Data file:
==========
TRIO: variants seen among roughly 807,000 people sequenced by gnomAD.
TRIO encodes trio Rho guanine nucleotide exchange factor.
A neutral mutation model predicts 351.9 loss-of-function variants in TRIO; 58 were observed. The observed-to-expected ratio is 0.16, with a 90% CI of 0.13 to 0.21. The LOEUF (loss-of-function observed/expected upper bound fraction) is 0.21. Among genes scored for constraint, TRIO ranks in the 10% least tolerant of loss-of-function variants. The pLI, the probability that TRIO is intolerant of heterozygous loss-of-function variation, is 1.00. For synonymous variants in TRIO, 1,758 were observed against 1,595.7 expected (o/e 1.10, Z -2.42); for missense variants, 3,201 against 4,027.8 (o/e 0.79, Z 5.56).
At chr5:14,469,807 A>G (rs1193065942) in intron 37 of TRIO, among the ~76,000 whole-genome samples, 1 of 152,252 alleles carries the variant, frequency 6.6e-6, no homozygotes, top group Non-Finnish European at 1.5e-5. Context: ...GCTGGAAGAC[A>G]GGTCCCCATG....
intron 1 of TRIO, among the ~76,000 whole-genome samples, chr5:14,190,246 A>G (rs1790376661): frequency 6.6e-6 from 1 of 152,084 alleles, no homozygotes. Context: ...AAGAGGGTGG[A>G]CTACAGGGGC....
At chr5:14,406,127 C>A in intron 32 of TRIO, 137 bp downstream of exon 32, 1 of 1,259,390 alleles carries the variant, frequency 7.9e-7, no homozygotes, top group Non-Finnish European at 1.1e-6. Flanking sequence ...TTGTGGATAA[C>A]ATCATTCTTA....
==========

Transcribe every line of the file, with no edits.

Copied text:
TRIO: variants seen among roughly 807,000 people sequenced by gnomAD.
TRIO encodes trio Rho guanine nucleotide exchange factor.
A neutral mutation model predicts 351.9 loss-of-function variants in TRIO; 58 were observed. The observed-to-expected ratio is 0.16, with a 90% CI of 0.13 to 0.21. The LOEUF (loss-of-function observed/expected upper bound fraction) is 0.21. Among genes scored for constraint, TRIO ranks in the 10% least tolerant of loss-of-function variants. The pLI, the probability that TRIO is intolerant of heterozygous loss-of-function variation, is 1.00. For synonymous variants in TRIO, 1,758 were observed against 1,595.7 expected (o/e 1.10, Z -2.42); for missense variants, 3,201 against 4,027.8 (o/e 0.79, Z 5.56).
At chr5:14,469,807 A>G (rs1193065942) in intron 37 of TRIO, among the ~76,000 whole-genome samples, 1 of 152,252 alleles carries the variant, frequency 6.6e-6, no homozygotes, top group Non-Finnish European at 1.5e-5. Context: ...GCTGGAAGAC[A>G]GGTCCCCATG....
intron 1 of TRIO, among the ~76,000 whole-genome samples, chr5:14,190,246 A>G (rs1790376661): frequency 6.6e-6 from 1 of 152,084 alleles, no homozygotes. Context: ...AAGAGGGTGG[A>G]CTACAGGGGC....
At chr5:14,406,127 C>A in intron 32 of TRIO, 137 bp downstream of exon 32, 1 of 1,259,390 alleles carries the variant, frequency 7.9e-7, no homozygotes, top group Non-Finnish European at 1.1e-6. Flanking sequence ...TTGTGGATAA[C>A]ATCATTCTTA....